Start to Finish

Start to Finish.  Why is getting from the start to the finish so hard?
The Start and Finish Line of the "Inishowen 100" Scenic Drive

Why can’t it be this easy? (photo credit: Andrew Hurley via Flickr)

It is so easy to start writing this post and yet filling the page with words and pictures that are good enough to click on that button over there that says “publish” is hard work.   I think it’s tempting to think that people who don’t finish what they start are lazy and simply don’t want to do the hard work required.  I get upset with myself for being lazy when I don’t take projects all the way from start to finish.  Honestly, sometimes I am lazy.  However, I think struggling with follow through is not really about being lazy.
Here are few reasons why I personally struggle with taking my projects from start to finish:
  • Overwhelm:  I start what I think will be a small, simple project and it snowballs out of control.  I like to call this the “nothing is ever simple” problem.  I can’t deal with the project so I have to walk away from it.  The problem, of course, is that sometimes I fail to return to it until it is worse than even the initial overwhelm.

  • Terrified of the Time:  I know it only takes 10 minutes to unload the dishwasher.  I also know that it will likely take a bit longer than that to sort through all the “I don’t know what to do with it” papers around here.  I want to make sure I can give my projects the amount of time required to do the job properly.

  • The Other People Piece of the Project:  Some projects require the assistance of other people whether it comes from getting information or help from them or simply needing their input and ideas to move forward.  This means that some projects get put on hold according to a timetable that is not my own.

  • Distraction:  I think I’m probably not alone on this one especially.  My post about the long and winding road describes it fairly well, I think.  Basically, one minute I’m putting away a lost photo and then, an hour later I’m still reminiscing over old vacation photos.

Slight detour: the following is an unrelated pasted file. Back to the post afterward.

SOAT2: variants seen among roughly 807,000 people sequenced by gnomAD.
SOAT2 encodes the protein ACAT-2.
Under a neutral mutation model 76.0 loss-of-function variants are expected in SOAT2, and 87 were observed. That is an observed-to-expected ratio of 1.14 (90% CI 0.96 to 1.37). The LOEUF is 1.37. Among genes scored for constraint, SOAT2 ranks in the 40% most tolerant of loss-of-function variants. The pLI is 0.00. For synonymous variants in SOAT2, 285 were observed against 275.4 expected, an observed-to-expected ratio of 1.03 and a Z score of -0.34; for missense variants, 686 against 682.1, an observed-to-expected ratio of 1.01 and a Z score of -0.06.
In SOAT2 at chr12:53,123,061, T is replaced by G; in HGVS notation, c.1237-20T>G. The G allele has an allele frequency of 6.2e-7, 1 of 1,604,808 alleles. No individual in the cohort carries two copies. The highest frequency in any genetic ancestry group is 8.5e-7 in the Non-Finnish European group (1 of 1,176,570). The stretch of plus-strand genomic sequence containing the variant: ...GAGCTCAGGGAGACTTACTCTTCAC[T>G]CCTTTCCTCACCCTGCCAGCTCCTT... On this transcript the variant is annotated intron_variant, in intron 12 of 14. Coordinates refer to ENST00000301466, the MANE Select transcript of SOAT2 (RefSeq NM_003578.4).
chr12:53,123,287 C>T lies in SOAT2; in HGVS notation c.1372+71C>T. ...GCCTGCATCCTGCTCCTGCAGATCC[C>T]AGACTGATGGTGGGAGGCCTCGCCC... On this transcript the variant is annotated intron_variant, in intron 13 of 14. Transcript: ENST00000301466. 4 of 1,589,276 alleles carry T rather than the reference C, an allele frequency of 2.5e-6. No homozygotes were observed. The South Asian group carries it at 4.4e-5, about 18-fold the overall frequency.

• The Murky, Messy Middle Baffles Me:  This sounds a bit like a repeat of overwhelm but it is not overwhelm so much as simply not being sure of what to do to get from start to finish.  I know I need a system for all my papers but I am not sure what system will work best for me.  Sometimes I put my projects on hold to mull over the best available solutions.  Sometimes those solutions simply don’t come in a very timely manner.

Most of these simply require that I take a deep breath and push through.  What would you add to the list?  Which one do you struggle with the most?
This is part of my 31 Days of Follow Through series.  In keeping with the over-all theme of the series, each day I am also committing to following through on a task and encourage you to do the same.   My task for today is to clear off and organize J’s bookcase (an item from around the house on my master list that I actually started on Friday).



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8 thoughts on “Start to Finish

    1. Jean Post author

      I think distraction is a big one for most of us. Seems like there are a lot more distractions now as well.

  1. Lisa @ The Meaning of Me

    I understand this completely, Jean! And I agree with you – what appears to be simply lazy is often about something else. One of the best books I’ve read yet is You Mean I’m Not Lazy, Stupid, or Crazy? by Kelly and Ramundo. I think it was one of my first ADD/ADHD reads when I was newly diagnosed or in the process of being diagnosed. It explains a LOT about this very sort of thing.